Chef Masaharu Morimoto and Lyrica Okano debunk myths on Sushi Master, interview

Sushi Master on Roku, staring hef Masaharu Morimoto, Chef Dakota Weiss, Chef Kenji López-Alt and Lyrica Okano, photo provided by Roku
Sushi Master on Roku, staring hef Masaharu Morimoto, Chef Dakota Weiss, Chef Kenji López-Alt and Lyrica Okano, photo provided by Roku /

Chef Masaharu Morimoto has had many titles attributed to him across his career. From successful restaurants worldwide to his iconic position as Iron Chef, Morimoto has earned his place in culinary history. On his new show, Sushi Master, available on the Roku Channel, Morimoto is joined by host Lyrica Okano, and judges Chef Dakota Weiss and Chef Kenji López-Alt. As the competing chefs vie for the title Sushi Master, the quest is both an educational and delectable journey for the viewer.

During a recent conversation with Chef Masaharu Morimoto and host Lyrica Okano, the pair offered insight not only into the Sushi Master culinary competition but also a few examples how sushi does not have to be intimidating to the inexperienced diner.

Even though sushi has become a popular food choice, some people might not appreciate that the food genre is far from a simplistic dish. As seen with the first challenge on Sushi Master, the rice is carefully seasoned. It might be instantly noticeable to some, but the component is necessary to a balanced bite.

While there can be structure to sushi and its techniques, both Morimoto and Lyrica believe that Sushi Master encourages both the competing chefs and viewers to break the sushi rules.

As Morimoto mentioned, sushi and sushi chefs can sometimes appear intense, requiring perfection to apply those sushi skills. What he wants to do with this show and with his food in general is for people to “break the sushi rules.”

Morimoto believes that sushi can be easy, enjoyable and fun. He mentioned that his cooking style is that “I can do everything.” From using French technique to including kimchi, that playfulness can be appreciated in the flavor. Even his approach to interacting with the chefs on this culinary competition shows playful side. There might be a time and a place for judgment but the kitchen is not always a spot of total seriousness.

In her role as host, Lyrica understood that she was the bridge between the chefs and the judges. Although that role helped to keep the show moving forward, she said “I came into the show wanting to learn as much as everyone else.”

At the same time, she felt a little nervousness in the situation because Morimoto is a legendary chef. Lyrica said, when “I met him; it was totally different. He is so warm and nurturing. It led into the vibe of the show.”

Through the challenges, the competing chefs are tasked with both sushi and Japanese culinary challenges. In the spirit of breaking the rules, the chefs are encouraged to allow their backgrounds to influence their approach. Whether it is a Korean spice or a Filipino ingredient, those ideas go back to how Morimoto made sushi approachable to a wider audience years ago.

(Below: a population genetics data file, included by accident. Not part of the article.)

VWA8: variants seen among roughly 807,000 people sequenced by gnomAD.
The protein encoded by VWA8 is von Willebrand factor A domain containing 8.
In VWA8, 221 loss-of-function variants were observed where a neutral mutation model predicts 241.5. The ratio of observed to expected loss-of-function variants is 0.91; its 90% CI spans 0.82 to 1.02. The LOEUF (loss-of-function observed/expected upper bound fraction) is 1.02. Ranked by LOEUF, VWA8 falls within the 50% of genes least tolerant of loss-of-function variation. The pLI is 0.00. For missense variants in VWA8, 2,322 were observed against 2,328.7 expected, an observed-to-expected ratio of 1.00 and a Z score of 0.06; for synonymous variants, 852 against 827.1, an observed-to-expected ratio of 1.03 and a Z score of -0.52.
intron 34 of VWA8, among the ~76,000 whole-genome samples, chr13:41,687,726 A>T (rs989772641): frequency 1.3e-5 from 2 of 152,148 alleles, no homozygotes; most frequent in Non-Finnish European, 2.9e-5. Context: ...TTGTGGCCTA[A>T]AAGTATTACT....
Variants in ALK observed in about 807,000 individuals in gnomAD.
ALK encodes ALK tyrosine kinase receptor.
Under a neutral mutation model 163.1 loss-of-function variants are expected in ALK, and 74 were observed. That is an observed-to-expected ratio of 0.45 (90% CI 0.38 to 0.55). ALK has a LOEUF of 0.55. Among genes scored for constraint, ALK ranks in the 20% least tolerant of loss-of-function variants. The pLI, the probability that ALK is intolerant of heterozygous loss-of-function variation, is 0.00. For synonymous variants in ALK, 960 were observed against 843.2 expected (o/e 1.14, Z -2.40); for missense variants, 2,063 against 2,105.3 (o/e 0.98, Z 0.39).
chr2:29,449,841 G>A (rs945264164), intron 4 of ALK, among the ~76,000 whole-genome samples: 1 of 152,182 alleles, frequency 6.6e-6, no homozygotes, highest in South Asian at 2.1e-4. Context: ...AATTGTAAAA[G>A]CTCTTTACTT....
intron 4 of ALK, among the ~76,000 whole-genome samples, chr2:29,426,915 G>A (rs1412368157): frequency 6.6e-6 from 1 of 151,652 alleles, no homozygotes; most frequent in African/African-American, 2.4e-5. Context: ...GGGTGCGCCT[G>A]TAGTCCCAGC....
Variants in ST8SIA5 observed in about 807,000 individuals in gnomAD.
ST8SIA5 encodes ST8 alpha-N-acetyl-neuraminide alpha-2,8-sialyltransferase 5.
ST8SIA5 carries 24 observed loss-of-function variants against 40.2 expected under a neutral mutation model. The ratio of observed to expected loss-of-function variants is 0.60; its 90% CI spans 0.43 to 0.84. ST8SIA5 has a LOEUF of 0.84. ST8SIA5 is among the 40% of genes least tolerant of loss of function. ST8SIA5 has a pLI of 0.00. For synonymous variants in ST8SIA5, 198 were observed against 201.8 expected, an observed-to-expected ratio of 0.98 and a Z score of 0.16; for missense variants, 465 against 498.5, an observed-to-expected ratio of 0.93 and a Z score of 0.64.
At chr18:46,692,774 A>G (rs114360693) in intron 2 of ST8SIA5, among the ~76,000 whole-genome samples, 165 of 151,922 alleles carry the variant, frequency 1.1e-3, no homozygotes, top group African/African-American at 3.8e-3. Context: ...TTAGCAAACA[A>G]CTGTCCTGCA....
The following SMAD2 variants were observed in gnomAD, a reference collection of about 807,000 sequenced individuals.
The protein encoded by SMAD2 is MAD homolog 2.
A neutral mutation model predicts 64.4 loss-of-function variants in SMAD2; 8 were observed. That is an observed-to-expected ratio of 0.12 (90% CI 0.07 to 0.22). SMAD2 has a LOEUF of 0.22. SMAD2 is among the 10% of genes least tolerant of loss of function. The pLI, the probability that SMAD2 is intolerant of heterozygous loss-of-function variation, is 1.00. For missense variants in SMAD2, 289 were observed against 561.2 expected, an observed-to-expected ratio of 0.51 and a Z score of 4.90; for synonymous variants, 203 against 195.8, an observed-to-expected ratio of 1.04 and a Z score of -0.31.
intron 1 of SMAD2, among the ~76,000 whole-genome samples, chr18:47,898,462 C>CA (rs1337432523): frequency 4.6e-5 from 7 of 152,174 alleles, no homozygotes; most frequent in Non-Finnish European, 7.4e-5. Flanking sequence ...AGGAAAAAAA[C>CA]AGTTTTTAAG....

As Morimoto shared, his idea of a tuna pizza enticed diners to see what sushi could be. For the person who could not fathom eating raw fish, the taco concept was an easy introduction. Giving the familiar a twist is often an approachable way to encourage people to step outside of their confined food box.

Lyrica hopes that Sushi Master takes the stuffiness away from the sushi dining experience. She hopes that people will be encouraged to try new dishes and learn to appreciate that Japanese food and sushi are accessible.

Sushi Master with Morimoto and Lyrica Okano
Sushi Master on Roku, staring hef Masaharu Morimoto, Chef Dakota Weiss, Chef Kenji López-Alt and Lyrica Okano, photo provided by Roku /

Although she mentioned that Sushi Master might break some of the rules, the chef contestants need to showcase their mastery of the sushi rules. From there, the creativity can be explored.

What Lyrica hopes for people to learn from Sushi Master is that “sushi can be really fun. It does not have to be just a simple nigiri nor does it have to be $200 dinner where you quietly sit in front of a sushi chef and eat.” Sushi choices are just as bountiful as the types of fish in the sea.

The ability to have fun while enjoying that dinner starts with the chef. As Morimoto and Lyrica retold a particular dining story, it showcased how the chef and the diner are partners in the food experience. When the pair can find common ground, the dish can be what both parties imagined.

According to the story, a diner asked Morimoto for ketchup with his sushi. Before Chef scoffed at the idea of putting that condiment on a dish, he thought about the request and reimagined the flavors in a way that both diner and chef appreciated.

Bringing together tomato puree with fresh wasabi, white soy, and other ingredients, the sauce might have visual similarities to traditional ketchup, but the flavors were Japanese. It was what the diner what they asked but it fit into the Japanese dining experience. The concept is a perfect example how breaking the rules can lead to a bigger conversation. More importantly, it is how connections can be made through the food.

Rules might be broken, laughs will be shared, and Morimoto will bestow some words of wisdom along the way on Sushi Master. After watching a few episodes, dinner decisions will be easy because everyone will be craving some Japanese cuisine.

Sushi Master can be streamed on the Roku Channel. It is free on Roku devices, the Web, iOS and Android devices, Amazon Fire TV and select Samsung TVs. No subscription required.